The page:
It’s easy to project the flaws of Facebook onto Libra, the social media giant’s cryptocurrency project, slated to debut in 2020. What would become of financial privacy in the hands of a company that has done so poorly as a personal data steward?
It’s a valid concern, and there are others. But none are so strong that we should reject the opportunities for choice and empowerment that come with new forms of money and financial services. Criticism should test and shape the offering, but Libra should not be slowed or stopped.
Most Americans have probably never thought of money as a consumer product that could be subject to competition. But it can be, and it will. What do people look for in money? Well, it has to have reliable value. It has to be widely accepted. It has to be easy and fairly inexpensive to transfer. Easy to secure. It’s nice if it can be transferred privately. It’s also nice if it’s hard to steal or seize.
Anything can be money. For much of humanity’s early history, basic commodities such as salt, cattle, cowrie shells and precious metals served as essential lubricants of trade. Today’s bills improved on four-legged beasts and ingots of metal.
Originally redeemable for “real” valuables, paper notes came to be treated as valuable in and of themselves. Growth in the extent of commerce, though, meant that counterfeiters were hard to discover and punish. Governments stepped in because they could assure notes across wide areas.
Times and technologies change. Most money movements have gone digital. And with the advent of blockchain technology, the anti-counterfeiting function is an automated part of the software that maintains and transfers cryptocurrencies directly online. Money doesn’t have to be government-provided.
So how does Libra stack up as a consumer product?
It will be backed by a basket of major government currencies, so its value and inflation-resistance should be on par with those currencies. That actually means continual losses of a few percent per year. It’s a standard practice of governments to debase their currencies’ value. But using Libra will be great for people in countries with mismanaged currencies from A to Z: Argentina to Zimbabwe.
With its tremendous user base, Facebook can help make Libra widely accepted. Unlikely to catch up with the dollar, it could easily eclipse projects such as Bitcoin, which has eschewed day-to-day use in favor of perfecting its decentralization and security against censorship.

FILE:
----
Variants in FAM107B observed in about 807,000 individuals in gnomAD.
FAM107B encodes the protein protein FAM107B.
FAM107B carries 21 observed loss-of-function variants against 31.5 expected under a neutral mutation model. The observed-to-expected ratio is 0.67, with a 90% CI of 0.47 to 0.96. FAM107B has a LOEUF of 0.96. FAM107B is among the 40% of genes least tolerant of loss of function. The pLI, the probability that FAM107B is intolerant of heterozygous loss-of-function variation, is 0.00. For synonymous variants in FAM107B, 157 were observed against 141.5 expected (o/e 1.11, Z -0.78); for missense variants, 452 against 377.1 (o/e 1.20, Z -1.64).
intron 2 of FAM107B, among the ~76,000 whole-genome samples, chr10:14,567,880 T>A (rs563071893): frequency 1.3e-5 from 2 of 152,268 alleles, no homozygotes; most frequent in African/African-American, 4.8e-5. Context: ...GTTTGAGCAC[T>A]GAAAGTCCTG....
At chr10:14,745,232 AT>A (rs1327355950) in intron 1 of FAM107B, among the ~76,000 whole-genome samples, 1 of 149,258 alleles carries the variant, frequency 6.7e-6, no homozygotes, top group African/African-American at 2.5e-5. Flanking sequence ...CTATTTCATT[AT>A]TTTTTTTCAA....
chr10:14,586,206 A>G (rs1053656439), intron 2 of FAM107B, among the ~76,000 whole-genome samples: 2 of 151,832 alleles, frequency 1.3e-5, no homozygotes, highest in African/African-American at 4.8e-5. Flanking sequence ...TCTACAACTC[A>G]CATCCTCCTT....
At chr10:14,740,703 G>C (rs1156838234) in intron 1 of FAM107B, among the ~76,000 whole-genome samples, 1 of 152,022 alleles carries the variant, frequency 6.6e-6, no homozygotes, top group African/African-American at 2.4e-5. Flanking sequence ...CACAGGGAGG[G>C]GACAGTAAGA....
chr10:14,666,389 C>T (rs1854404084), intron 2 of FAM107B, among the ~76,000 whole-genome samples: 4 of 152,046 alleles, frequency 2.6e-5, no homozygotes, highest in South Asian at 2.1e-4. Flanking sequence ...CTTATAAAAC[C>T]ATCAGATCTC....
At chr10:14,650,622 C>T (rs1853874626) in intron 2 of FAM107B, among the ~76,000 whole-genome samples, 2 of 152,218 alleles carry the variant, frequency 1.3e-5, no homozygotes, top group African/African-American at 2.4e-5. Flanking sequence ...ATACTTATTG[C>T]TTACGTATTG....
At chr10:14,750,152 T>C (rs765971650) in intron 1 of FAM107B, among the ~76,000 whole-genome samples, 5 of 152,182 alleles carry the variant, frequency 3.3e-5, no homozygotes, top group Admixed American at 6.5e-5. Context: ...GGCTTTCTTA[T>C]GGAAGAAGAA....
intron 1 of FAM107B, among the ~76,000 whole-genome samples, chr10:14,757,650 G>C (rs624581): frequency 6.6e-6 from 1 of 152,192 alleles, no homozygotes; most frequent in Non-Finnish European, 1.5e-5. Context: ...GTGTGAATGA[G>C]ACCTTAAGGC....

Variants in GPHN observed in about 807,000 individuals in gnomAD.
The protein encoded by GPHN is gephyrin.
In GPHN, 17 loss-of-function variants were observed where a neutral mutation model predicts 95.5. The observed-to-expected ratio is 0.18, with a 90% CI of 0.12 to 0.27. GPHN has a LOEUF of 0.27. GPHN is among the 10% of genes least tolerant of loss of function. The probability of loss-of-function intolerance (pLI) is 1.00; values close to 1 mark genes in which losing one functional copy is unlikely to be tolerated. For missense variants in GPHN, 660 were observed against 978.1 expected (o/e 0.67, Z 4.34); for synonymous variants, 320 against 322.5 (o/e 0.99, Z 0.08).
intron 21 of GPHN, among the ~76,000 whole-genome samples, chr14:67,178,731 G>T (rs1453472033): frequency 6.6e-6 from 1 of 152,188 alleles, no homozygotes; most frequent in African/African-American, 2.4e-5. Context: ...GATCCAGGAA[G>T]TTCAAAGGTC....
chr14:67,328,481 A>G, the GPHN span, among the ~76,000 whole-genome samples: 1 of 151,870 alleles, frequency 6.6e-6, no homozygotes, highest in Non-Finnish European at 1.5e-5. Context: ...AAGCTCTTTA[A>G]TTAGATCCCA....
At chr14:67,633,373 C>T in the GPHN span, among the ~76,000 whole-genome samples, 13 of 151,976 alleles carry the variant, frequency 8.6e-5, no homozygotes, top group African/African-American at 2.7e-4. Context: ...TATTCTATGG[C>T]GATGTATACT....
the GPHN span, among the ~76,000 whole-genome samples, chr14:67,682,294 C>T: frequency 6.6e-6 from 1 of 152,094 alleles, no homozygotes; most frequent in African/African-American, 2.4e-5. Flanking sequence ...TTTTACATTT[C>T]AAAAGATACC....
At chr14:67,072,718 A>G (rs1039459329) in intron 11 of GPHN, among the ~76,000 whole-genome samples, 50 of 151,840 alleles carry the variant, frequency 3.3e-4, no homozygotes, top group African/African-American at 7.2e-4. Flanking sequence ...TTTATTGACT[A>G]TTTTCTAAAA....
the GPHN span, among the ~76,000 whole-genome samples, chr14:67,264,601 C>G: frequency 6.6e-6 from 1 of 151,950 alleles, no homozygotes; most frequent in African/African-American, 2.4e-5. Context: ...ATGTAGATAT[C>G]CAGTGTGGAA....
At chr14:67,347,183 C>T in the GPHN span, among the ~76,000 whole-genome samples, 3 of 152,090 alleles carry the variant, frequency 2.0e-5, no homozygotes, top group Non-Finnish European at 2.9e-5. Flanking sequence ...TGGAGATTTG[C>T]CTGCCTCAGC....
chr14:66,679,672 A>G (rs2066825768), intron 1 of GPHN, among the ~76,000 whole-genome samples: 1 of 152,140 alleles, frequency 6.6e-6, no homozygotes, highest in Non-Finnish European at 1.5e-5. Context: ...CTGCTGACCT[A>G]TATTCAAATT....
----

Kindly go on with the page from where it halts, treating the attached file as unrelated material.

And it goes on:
Where Libra may really shine is in easy, inexpensive transfer. Facebook and its partners in the Libra Foundation understand “user experience.” They can build digital wallets and exchange platforms that are easy to use, another area where Bitcoin is lacking. Libra users may avoid ATM fees, bank service charges, and the fees merchants pass on to consumers for credit and debit card payments.
Then there are the savings to people in parts of the world without our sophisticated financial services industry. Remittance services charge double-digit percentages. In many parts of the global south, banks are hard to access, and their fees are high and unreliable. The result? A financial services system that excludes 1.7 billion people.
For financial outcasts, it’s harder to save, to start or expand a small enterprise, to educate children, to provide for family health care and much more. The status quo in global financial services is a scandal.
Part of the scandal is the surveillance system operated by the financial sector on behalf of governments worldwide. Mandated customer background checks, suspicious activity reporting, and high-value transaction reporting impose costs disproportionate to their benefits, invade the privacy of the innocent, and undercut the incentive to serve people in risky communities or countries.
On this score, Libra will be a wash only with existing money systems, though. Facebook — no friend of privacy, according to many — has pledged that it and its Libra Foundation partners will obey the financial surveillance mandates that exist worldwide. That’s not good for privacy or international development.
But Libra represents an important step: competition among moneys.
In the cryptocurrency world, there has been minor debate about whether Libra even counts as a true blockchain project or a true “cryptocurrency.” It deviates from the pure versions of both. But Libra’s founding document says that it will begin to transition to an open, permissionless system — a real cryptocurrency — within five years.
That second act may require Libra to open a new front of competition — with itself. Competition is good. Let’s see what happens.